‘Picocavity’ focuses light below atomic scale

Material scientists and nanophotonics researchers from Cambridge University and the Centre for Materials Physics in San Sebastian, Spain, have developed a “magnifying glass” that can focus light down to the scale of single atoms.

Cambridge University representation of nanophotonics
Cambridge University representation of nanophotonics

The invention has the potential to unlock light-catalysed chemical reactions and to be used in opto-mechanical data storage devices.

Previously, it had been thought that it was not possible to focus light into a spot smaller than its wavelength. The Cambridge-led team used conductive gold nanoparticles to create an optical cavity so small that a single molecule could fit inside it; known as a “pico-cavity” by the researchers, it consists of bump in a gold nano structure the size of a single atom, and confines light to a space less than a billionth of a metre across.

Constructing the pico-cavity involved building a structure with single atom control. The Cambridge team sandwiched a layer of a self-assembling organic molecule, biphenyl-4-thiol, between a film of gold and a gold nanoparticle, with the whole assembly cooled to -260°C to reduce the speed of the atoms’ motion, and used lasers to move individual atoms in the nanoparticle, and allowed them to observe the atoms’ motion in real-time.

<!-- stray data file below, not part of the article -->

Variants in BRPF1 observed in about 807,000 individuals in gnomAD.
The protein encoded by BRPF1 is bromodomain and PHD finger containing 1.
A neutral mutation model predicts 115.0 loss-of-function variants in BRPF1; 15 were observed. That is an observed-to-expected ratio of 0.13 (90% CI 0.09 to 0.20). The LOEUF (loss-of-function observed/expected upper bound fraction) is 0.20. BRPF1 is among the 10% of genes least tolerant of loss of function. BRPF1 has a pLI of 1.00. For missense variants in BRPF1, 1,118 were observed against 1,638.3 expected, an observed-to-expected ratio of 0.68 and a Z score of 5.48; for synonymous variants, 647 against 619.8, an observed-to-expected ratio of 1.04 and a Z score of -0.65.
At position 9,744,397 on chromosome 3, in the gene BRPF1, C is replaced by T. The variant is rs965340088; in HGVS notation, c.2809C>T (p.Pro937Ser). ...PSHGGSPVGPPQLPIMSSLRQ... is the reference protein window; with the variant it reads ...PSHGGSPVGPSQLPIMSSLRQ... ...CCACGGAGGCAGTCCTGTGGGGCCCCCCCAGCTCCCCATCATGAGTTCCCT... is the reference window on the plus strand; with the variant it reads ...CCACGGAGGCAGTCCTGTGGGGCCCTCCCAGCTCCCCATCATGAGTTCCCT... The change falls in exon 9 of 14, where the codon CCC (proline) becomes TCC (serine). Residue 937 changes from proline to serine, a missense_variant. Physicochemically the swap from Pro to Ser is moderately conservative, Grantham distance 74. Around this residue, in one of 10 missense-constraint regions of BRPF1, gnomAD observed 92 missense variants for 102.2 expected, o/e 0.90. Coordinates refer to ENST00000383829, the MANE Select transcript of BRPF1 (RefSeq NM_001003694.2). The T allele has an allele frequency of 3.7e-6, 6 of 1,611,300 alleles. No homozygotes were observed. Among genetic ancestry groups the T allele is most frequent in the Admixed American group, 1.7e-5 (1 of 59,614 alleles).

“Even single gold atoms behave just like tiny metallic ball-bearings in our experiments, with conducting electrons roaming around, which is very different from the quantum life where electrons are bound to the nucleus,” said Prof Jeremy Baumberg of the Nanophotonics Centre at Cambridge’s Cavendish Laboratory, who directed the project. Theoretician Prof Javier Aispurua of San Sebastian added: “Our models suggested that individual items sticking out might act as tiny lightning rods, but focusing light instead of electricity.”

In a paper in the journal Science, the team explains how the picocavity could help to investigate new interactions between light and matter, including the possibility of placing chemicals inside the cavity were light could activate or catalyse their reaction. This, they suggest, could also lead to development of new kinds of sensors.